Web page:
The four candidates were colleagues in the EDSS leadership class, but only two would emerge to take the helm of the school council next year. Putting what they learned in the classroom into practice, Grade 11 students Lydia Frey and Brandon Seip will be the 2010/2011 co-presidents.
More than 450 students cast their ballots last week at Elmira District Secondary School.
The pair will be following in the footsteps of this year’s co-presidents, Caelen Rank and James Toronchuk.
Along with Frey and Seip, the race included Jon Milanovich and Danielle Thomas, all of whom spent much of last week wearing campaign T-shirts, making promotional videos and talking to students about what would make them the best choice.
Following the vote, all four candidates were called down to the school’s main office May 7 and given the news.
The co-presidents elect now face a variety of tasks. The role includes the organizing of school assemblies, being a representative of the school at public events, helping to organize events and fundraisers and promoting school spirit in leading by example.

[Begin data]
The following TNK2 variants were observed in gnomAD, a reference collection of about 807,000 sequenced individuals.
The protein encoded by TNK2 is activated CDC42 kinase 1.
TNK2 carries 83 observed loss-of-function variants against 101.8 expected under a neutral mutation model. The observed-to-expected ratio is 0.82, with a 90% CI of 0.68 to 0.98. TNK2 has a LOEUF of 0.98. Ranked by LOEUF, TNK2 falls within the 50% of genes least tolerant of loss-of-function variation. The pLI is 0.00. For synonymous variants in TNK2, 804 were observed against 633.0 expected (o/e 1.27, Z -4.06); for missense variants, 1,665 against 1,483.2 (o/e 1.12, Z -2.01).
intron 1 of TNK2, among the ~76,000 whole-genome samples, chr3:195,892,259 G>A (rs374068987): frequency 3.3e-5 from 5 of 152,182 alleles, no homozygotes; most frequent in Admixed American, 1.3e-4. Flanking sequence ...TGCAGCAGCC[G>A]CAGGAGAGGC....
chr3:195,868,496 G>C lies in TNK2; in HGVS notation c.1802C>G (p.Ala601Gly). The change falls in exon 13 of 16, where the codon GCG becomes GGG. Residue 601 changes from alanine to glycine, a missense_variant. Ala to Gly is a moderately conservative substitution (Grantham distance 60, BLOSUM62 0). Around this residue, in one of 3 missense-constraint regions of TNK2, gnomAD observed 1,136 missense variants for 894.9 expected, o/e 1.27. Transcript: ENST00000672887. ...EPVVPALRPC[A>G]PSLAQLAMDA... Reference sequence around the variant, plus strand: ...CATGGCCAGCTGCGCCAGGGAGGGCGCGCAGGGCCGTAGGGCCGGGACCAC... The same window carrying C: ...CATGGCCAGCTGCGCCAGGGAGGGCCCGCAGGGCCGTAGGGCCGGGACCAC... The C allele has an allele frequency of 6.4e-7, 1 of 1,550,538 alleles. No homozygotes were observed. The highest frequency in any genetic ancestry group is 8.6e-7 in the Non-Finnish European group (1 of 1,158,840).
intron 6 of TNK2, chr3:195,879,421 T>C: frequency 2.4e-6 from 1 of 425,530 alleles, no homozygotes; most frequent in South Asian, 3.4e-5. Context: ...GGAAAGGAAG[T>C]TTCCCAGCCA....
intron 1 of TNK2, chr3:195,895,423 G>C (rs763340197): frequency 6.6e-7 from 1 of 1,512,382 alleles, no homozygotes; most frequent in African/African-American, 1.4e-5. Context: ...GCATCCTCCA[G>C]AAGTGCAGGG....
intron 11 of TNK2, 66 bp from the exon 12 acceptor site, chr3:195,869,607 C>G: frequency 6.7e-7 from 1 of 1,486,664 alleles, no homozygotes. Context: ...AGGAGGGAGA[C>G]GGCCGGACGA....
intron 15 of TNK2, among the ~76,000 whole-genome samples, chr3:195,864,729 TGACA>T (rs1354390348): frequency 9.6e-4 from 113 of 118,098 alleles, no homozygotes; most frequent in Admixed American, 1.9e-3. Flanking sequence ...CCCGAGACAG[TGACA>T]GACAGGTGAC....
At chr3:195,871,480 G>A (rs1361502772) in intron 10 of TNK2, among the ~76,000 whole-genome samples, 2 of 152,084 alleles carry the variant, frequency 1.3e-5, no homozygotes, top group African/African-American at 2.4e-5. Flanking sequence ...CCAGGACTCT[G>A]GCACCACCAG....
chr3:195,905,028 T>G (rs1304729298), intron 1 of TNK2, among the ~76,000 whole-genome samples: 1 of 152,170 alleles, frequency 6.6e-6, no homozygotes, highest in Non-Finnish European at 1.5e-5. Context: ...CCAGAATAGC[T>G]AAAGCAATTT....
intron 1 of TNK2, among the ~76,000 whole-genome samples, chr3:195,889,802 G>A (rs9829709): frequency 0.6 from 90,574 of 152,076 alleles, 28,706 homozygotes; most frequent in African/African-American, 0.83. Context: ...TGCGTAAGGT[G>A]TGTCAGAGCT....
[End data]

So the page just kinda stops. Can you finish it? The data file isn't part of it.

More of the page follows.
“Something we want to focus on this year is school spirit,” said Seip. “We think it’s important for people to be excited about their school, to be proud of it.”
Both students were members of their student councils in Grade 8, and are now very involved in sports at the high school level; Seip plays on the football, basketball and rugby teams, while Frey is a member of the basketball, volleyball and track and field teams.
“Athletics is something that a lot of people can get into,” explained Frey. “Our school is pretty enthusiastic about our sports teams.”
Among other ideas that the pair have been brainstorming for the next school year, Seip has an interest in rejuvenating the fitness intramurals program, in which students are part of a league where they are able to play a different sport each week.
Their jobs start in September and both students say they’re not anxious about what is to come in the following months.
“I was a bit nervous doing the speech, talking in front of the whole school,” explained Seip, “but I think that is something that will get easier with time.”